Embrace reality, not fight speculation
Stock up on canned goods, the authorities appear to be opening a new front in the War Against Speculation; this time taking aim at the people who might profit from Greece and its European partners’ woes.
Just days after the U.S. Securities and Exchange Commission voted new limits on short selling, Germany is investigating the credit default swap trading of speculators to try to prevent them from profiting from any bailout of Greece.
“It would be bad if it were to emerge after a rescue that the money had gone into the pockets of speculators,” a source with knowledge of the efforts told Reuters.
“The result of the ‘Greek tragedy’ is that the political environment has become such that the Credit Default Swap (debt insurance) problem has come to the fore.”
French Economy Minister Christine Lagarde on Sunday said that derivative trades on sovereign debt should be tightly regulated, limited or even banned.
That’s right, apparently there is a big problem out there and it is that greedy speculators are betting that governments that look like they will have difficulties paying their debts might, well, have difficulties paying their debts.
Even worse, some are betting that since there is no tenable alternative to Greece being bailed out that it will be, well, bailed out.
I’m not sure if this is a war against speculation, against lese majeste or just against reality.
Fighting reality by punishing people who point it out, and, yes, may profit in the process, is a lot easier than addressing the fundamental underlying issues. Greece stands accused of fabricating its economic data, of borrowing too much and of using the proceeds not to fix the leaking roof but to expensively tile the kitchen. Greek wages and pensions went up 10.5 percent in 2009, for goodness’ sake.
Further, the lack of an exit mechanism from the euro and the huge problems that a Greek default would pose for banks globally make a bailout a good bet.
These are not problems that can be solved by cracking down on speculation, any more than fraud at Enron could have been cured by a ban on short selling.
This is not an issue that will end with the euro zone. What derivative speculators on Greek debt are doing is little different at its heart than investors selling U.S. Treasuries or British gilts because they feel those countries’ deficit situations are getting out of hand. These are simply bond market vigilantes in another form.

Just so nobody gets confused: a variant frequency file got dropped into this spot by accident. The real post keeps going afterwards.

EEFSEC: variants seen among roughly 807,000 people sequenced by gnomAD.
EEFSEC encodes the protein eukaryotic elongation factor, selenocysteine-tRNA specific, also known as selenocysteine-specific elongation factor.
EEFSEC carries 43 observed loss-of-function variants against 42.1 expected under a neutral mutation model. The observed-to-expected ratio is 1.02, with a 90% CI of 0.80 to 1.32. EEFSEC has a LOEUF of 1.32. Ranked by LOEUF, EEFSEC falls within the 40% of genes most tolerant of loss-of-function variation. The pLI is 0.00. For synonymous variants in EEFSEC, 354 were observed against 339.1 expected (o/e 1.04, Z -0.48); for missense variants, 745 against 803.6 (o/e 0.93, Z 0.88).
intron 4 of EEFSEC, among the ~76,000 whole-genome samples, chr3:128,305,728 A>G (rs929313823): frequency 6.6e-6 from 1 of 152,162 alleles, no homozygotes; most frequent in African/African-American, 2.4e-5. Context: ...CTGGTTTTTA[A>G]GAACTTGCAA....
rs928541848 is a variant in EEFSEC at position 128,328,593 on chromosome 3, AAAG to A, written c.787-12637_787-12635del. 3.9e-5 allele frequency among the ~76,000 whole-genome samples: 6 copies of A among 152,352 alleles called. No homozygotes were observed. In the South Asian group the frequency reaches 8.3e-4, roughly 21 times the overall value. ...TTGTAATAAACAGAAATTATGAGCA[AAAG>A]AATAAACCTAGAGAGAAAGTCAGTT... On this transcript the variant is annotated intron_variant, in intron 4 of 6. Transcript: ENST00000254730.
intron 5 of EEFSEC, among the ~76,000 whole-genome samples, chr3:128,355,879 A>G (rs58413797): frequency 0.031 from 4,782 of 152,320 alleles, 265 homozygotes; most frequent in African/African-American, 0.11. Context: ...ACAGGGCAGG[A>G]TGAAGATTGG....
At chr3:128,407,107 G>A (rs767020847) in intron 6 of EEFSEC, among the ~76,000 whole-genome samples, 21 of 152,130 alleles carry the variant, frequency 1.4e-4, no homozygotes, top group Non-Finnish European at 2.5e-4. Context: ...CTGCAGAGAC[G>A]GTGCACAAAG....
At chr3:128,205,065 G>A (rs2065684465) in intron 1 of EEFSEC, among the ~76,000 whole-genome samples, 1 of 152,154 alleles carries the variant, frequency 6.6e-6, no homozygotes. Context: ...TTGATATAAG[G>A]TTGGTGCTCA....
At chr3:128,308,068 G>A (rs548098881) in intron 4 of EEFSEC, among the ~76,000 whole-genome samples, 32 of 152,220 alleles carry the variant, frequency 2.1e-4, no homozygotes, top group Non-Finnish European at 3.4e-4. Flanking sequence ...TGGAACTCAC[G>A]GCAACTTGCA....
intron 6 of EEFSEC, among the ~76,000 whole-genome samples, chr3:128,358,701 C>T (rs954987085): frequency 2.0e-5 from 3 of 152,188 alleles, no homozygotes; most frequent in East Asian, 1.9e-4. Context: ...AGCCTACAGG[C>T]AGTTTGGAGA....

CAUTION, INTELLIGENCE AT WORK
Even better, countries are now so concerned with the dastardly deeds of the speculators they are apparently putting their intelligence services on the job.
Two Greek newspapers reported on Friday the country’s EYP intelligence service was investigating speculative attacks on Greece in financial markets and had identified U.S. and British firms as aggressive sellers of Greek bonds. And the buyers, who were they? Probably best to ask the Germans, who since they are worried about profit from bailouts appear to be right on the case.
Similarly Spanish daily El Pais has reported that intelligence services in Spain, a leading candidate to be next in the line of highly indebted dominoes, were probing “speculative attacks” against the country.
I’ve got a budget saving hint for Greece and Spain: If reports that banks and hedge funds are betting on government debt movements is typical of the value they are deriving from their intelligence service, well then, there are some attractive savings to be made.
Still, there are plenty of good reasons to regulate derivative markets. Credit default swaps are dangerous when they are used, as they were during the bubble, to create credit in the system without a similar growth in banking reserves, bypassing banking safety and soundness regulations. That is in essence what AIG did and was the reason that the shadow banking system drove the inflation in real estate and other assets.
Further, credit default swaps that are traded over the counter are a regulator’s nightmare; it can never be clear whose house a given tree will fall on if it is hit by lightning, and the risks of highly interconnected banks can be amplified.
So, by all means, regulate credit default swaps and force them to be traded on exchanges.
It is always unpleasant to have our faults pointed out, and no doubt doubly enraging to pay for the privilege. The crime of lese majeste, which appears to be at the heart of the current concerns about sovereign derivatives, is not a valid basis for regulation.
On the broader issue, I’d suggest that rather than warring with speculation, euro zone nations would be better off negotiating a peace with reality.
(Editing by James Dalgleish)
(At the time of publication James Saft did not own any direct investments in securities mentioned in this article. He may be an owner indirectly as an investor in a fund.)